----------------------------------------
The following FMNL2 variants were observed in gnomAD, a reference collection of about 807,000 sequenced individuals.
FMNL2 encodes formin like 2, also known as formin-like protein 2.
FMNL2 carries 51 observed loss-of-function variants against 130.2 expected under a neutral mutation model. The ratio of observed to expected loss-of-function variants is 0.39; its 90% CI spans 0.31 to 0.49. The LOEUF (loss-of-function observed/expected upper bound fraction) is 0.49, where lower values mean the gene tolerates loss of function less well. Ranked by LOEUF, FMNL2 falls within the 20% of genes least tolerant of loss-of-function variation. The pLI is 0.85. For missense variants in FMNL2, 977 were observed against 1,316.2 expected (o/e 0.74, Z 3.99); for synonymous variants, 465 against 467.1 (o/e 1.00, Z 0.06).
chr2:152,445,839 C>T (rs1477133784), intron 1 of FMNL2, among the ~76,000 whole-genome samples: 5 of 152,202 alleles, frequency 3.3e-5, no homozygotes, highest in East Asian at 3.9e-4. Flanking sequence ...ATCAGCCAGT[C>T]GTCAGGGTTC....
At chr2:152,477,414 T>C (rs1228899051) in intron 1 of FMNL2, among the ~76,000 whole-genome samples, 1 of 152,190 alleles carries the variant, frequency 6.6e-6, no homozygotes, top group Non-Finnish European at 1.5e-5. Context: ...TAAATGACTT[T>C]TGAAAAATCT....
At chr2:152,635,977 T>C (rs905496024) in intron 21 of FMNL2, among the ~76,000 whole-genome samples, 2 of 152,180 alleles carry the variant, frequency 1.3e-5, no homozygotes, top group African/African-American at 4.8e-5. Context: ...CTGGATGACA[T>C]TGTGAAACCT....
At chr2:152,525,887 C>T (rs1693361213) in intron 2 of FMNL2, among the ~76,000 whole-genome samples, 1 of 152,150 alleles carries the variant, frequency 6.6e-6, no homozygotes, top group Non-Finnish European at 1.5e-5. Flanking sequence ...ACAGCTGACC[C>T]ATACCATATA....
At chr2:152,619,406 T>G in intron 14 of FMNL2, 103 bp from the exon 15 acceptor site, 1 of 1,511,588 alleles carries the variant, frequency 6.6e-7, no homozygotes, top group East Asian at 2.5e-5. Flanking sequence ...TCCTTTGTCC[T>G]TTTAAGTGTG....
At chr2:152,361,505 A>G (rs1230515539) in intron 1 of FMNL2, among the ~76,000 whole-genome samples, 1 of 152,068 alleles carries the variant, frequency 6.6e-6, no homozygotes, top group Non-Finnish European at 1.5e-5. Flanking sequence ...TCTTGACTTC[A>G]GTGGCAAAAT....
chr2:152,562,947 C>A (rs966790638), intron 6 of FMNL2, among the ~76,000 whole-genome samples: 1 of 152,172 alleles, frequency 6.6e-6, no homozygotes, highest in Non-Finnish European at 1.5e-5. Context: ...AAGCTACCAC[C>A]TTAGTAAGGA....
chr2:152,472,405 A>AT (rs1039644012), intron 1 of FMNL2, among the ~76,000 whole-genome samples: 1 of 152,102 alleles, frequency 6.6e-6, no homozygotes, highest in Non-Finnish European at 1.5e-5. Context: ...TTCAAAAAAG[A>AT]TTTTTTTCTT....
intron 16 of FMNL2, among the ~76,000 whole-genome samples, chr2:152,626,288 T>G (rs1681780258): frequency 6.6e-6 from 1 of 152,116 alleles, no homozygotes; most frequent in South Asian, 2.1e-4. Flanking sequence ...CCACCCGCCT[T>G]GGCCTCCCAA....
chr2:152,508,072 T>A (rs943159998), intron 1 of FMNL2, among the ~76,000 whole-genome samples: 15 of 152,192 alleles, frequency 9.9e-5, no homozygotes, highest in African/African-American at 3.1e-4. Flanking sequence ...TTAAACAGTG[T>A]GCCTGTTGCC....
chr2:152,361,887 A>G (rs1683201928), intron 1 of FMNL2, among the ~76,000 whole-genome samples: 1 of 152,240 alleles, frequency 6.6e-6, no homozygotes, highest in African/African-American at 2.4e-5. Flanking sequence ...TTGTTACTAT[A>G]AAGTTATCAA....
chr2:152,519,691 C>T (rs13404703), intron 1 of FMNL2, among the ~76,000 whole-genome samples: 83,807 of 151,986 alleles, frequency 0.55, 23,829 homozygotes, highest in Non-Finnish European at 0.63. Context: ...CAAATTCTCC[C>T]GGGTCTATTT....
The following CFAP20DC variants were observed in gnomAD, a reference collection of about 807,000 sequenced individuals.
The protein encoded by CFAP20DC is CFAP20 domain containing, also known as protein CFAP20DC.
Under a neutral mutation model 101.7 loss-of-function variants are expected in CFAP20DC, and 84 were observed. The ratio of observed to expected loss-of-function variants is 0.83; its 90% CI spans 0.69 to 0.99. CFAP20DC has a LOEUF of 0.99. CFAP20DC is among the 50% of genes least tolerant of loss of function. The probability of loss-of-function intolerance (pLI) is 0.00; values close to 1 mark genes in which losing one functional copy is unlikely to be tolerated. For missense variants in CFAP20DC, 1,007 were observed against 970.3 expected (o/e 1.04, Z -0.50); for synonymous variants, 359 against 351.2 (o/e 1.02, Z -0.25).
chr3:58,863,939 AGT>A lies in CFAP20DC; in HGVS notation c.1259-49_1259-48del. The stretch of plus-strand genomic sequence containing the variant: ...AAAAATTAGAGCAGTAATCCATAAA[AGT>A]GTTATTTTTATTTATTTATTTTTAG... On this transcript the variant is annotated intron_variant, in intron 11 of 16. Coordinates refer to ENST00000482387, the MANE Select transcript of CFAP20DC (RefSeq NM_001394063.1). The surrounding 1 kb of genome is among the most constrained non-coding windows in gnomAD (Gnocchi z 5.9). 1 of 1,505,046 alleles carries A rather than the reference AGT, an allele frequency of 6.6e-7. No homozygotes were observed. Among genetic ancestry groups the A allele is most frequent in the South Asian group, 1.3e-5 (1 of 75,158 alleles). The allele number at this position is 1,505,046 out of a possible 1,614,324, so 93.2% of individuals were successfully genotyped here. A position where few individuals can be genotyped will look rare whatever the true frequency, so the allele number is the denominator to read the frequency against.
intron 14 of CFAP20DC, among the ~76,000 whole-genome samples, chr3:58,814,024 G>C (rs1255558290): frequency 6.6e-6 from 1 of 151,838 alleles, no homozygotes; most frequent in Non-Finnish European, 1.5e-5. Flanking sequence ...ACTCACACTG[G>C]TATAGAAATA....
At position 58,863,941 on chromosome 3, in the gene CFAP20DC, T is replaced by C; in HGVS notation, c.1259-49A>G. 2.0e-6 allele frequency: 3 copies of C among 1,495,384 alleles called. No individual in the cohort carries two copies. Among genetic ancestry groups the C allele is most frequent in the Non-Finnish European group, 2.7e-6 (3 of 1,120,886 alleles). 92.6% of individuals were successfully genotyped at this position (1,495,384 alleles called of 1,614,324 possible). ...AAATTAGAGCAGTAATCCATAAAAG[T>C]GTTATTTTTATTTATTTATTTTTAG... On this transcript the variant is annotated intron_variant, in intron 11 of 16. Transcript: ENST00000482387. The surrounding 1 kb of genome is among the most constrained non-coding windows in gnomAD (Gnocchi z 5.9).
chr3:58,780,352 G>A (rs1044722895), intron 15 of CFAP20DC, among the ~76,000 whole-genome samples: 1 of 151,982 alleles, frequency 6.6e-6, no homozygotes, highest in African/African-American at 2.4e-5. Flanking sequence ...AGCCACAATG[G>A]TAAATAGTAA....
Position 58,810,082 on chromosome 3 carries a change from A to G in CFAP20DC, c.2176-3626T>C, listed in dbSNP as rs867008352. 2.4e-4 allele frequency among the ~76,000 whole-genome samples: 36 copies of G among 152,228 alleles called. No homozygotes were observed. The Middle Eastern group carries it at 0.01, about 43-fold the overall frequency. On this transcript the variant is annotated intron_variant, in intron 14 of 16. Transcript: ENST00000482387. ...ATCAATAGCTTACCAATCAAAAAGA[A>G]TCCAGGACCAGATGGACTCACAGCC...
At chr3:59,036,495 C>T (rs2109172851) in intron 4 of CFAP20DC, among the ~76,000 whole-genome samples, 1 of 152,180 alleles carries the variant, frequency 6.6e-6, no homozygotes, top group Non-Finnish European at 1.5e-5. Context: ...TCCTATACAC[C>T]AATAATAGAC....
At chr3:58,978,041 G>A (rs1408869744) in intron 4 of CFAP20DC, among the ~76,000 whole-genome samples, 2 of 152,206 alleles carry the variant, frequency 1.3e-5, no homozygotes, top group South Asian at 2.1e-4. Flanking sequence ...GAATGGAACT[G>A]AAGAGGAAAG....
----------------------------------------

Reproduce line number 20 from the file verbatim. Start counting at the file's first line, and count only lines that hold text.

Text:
intron 14 of CFAP20DC, among the ~76,000 whole-genome samples, chr3:58,814,024 G>C (rs1255558290): frequency 6.6e-6 from 1 of 151,838 alleles, no homozygotes; most frequent in Non-Finnish European, 1.5e-5. Flanking sequence ...ACTCACACTG[G>C]TATAGAAATA....